Is Elotuzumab Monotherapy Beneficial in Patients With Smoldering Multiple Myeloma?
Posted: Friday, July 6, 2018
Monotherapy with elotuzumab, an immunostimulatory immunoglobulin G1 monoclonal antibody, demonstrated minimal activity in patients with high-risk smoldering multiple myeloma, in a recent phase II study. The findings of the study, led by Sundar Jagannath, MD, of The Tisch Cancer Institute, Mount Sinai Medical Center, New York, were published in the British Journal of Haematology.
Elotuzumab works by directly activating natural killer (NK) cells and mediating antibody-dependent cellular cytotoxicity, leading to targeted myeloma cell death. Investigators found no association, however, between baseline proportion of CD56dim NK cells in bone marrow and maximal change in serum monoclonal protein, a marker of disease, in response to elotuzumab therapy.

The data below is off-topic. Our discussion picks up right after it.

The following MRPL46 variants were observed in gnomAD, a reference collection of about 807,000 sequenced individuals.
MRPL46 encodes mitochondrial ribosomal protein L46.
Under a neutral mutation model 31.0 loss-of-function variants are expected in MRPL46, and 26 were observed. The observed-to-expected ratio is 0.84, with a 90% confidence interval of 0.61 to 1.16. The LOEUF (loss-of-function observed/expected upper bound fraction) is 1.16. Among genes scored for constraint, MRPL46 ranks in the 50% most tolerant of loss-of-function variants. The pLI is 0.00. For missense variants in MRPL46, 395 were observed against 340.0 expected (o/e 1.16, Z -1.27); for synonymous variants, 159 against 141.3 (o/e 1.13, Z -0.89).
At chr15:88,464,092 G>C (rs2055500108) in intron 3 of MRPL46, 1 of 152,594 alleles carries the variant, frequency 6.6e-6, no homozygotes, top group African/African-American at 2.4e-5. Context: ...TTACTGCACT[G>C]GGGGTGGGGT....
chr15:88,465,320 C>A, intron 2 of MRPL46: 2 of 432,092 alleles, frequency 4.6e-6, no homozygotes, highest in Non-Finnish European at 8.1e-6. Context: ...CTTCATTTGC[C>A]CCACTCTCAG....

The study enrolled 31 patients with high-risk smoldering multiple myeloma to receive elotuzumab at 10 mg/kg (n = 16) or 20 mg/kg (n = 15) in 28-day cycles. The overall response rate was 10%, and the rate of progression-free survival at 2 years was 69%. At a minimum follow-up of 28 months, 5 patients in each treatment arm had progressed to active multiple myeloma.
Elotuzumab was generally well tolerated, with a safety profile similar to that observed in previous studies. The most common adverse event reported was upper respiratory tract infection, occurring in 58% of patients. Grade 3 or 4 adverse events were reported 13 patients (42%).
Despite limited effectiveness with elotuzumab as monotherapy, studies combining the agent with lenalidomide and dexamethasone in patients with high-risk smoldering multiple myeloma are currently under way.